Limiting temperature rise by 2100 to less than 1.5°C is feasible, at least from a purely technological standpoint, according to the study published in the journal Nature Climate Change by researchers at the International Institute for Applied Systems Analysis (IIASA), the Potsdam Institute for Climate Impact Research (PIK), and others. The new study examines scenarios for the energy, economy, and environment that are consistent with limiting climate change to 1.5°C above pre-industrial levels, and compares them to scenarios for limiting climate change to 2°C.
“Actions for returning global warming to below 1.5°C by 2100 are in many ways similar to those limiting warming to below 2°C,” says IIASA researcher Joeri Rogelj, one of the lead authors of the study. “However, the more ambitious 1.5°C goal leaves no space to further delay global mitigation action and emission reductions need to scale up swiftly in the next decades.”
The authors note, however, that the economic, political, and technological requirements to meet even the 2°C target are substantial. In the run-up to climate negotiations in December 2015, such information is important for policymakers considering long-term goals and steps to achieve these goals.
Key elements: accelerated energy efficiency gains and CO2 removal
The study identifies key elements that would need to be in place in order to reach the 1.5°C target by 2100. One fundamental feature is the tight constraint on future carbon emissions.
“In 1.5°C scenarios, the remaining carbon budget for the 21st century is reduced to almost half compared to 2°C scenarios,” explains PIK researcher Gunnar Luderer, who co-led the study. “As a consequence, deeper emissions cuts are required from all sectors, and global carbon neutrality would need to be reached 10-20 years earlier than projected for 2°C scenarios.”
Faster improvements in energy efficiency also emerge as a key enabling factor for the 1.5°C target. In addition, all the scenarios show that at some point in this century, carbon emissions would have to become negative at a global scale. That means that significant amounts of CO2 would need to be actively removed from the atmosphere. This could occur through technological solutions such as bioenergy use combined with carbon capture and storage–a technology that remains untested on a large scale, increases the pressure on food supply systems and in some cases lacks social acceptance–or through efforts to grow more forests, sequestering carbon in tree trunks and branches. Afforestation, however, just like bioenergy plantations, would have to be carefully balanced against other land use requirements, most notably food production.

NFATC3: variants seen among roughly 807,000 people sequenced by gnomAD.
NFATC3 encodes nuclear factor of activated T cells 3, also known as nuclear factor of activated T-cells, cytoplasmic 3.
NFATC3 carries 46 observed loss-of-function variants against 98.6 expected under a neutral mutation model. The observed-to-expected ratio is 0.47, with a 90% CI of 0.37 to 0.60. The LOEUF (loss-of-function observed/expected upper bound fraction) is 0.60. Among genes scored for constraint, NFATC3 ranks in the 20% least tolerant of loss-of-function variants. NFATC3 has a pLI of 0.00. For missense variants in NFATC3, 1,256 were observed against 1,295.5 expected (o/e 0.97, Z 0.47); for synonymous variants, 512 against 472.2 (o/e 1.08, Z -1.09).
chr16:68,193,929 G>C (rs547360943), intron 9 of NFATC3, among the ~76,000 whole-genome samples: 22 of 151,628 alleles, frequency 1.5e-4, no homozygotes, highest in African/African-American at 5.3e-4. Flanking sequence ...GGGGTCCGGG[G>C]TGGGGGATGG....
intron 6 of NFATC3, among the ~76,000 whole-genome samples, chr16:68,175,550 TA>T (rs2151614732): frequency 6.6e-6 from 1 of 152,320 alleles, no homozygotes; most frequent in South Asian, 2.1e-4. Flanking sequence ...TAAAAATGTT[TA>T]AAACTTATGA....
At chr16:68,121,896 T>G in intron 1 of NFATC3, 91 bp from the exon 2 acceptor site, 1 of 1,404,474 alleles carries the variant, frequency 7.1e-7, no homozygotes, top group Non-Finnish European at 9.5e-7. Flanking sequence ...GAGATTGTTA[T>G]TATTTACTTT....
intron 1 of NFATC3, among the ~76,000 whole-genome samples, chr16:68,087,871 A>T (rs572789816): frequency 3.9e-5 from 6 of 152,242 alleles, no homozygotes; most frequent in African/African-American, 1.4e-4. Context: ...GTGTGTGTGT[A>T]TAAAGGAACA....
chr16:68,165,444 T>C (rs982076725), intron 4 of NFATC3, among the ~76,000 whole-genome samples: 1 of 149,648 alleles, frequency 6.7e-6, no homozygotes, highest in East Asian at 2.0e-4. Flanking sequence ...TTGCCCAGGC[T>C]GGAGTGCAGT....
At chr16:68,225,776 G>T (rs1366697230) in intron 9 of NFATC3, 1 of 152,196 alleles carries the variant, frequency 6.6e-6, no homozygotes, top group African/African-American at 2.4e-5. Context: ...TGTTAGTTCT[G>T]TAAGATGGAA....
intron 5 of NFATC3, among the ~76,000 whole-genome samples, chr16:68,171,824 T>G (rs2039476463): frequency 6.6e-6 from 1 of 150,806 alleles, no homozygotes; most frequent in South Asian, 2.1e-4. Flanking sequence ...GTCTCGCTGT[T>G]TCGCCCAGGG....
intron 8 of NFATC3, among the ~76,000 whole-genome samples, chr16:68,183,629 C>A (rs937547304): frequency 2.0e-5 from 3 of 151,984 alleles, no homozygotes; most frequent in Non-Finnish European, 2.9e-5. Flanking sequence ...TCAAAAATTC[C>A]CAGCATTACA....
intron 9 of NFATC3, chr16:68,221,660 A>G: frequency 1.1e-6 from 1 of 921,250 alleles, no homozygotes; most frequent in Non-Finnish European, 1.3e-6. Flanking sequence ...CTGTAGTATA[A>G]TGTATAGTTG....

Overshooting the limit–and declining to 2100
In contrast to many scenarios examined in recent research, which set 2°C as the absolute limit and do not allow temperature to overshoot the target, the current set of scenarios looks at a long term goal, and what would need to happen to get temperature back down to that level by 2100.
“Basically all our 1.5°C scenarios first exceed the 1.5°C temperature threshold somewhere in mid-century,” explains Rogelj, “before declining to 2100 and beyond as more and more carbon dioxide is actively removed from the atmosphere by specialized technologies”.
The recent IPCC fifth assessment report did not describe in detail the critical needs for how to limit warming to below 1.5°C as the scenarios available to them did not allow for an in-depth analysis. Yet over 100 countries worldwide–over half of the countries in the United Nations Framework Convention on Climate Change (UNFCCC), including the Alliance of Small Island States (AOSIS) and the Least-Developed Countries (LDCs)–have declared their support for a 1.5°C target on climate change. The target itself is also up for debate at the upcoming climate negotiations. This new study fills this gap.
The authors make clear that an increase of international efforts to curb greenhouse gases is imperative to keep the 1.5°C target achievable.
“The 1.5°C target leaves very little leeway,” says Luderer. “Any imperfections – be it a further delay of meaningful policy action, or a failure to achieve negative emissions at large scale – will make the 1.5°C target unattainable during this century.”
What do you mean by “scenario?”
Scenarios, like the ones described in this study, are not predictions or forecast, but rather, stories about potential ways that the future might develop, with specific quantitative elements and details about how sectors such as the economy, climate, and energy sector interact. By looking at scenarios, researchers look for insight into the paths and circumstances that might lead us to specific objectives.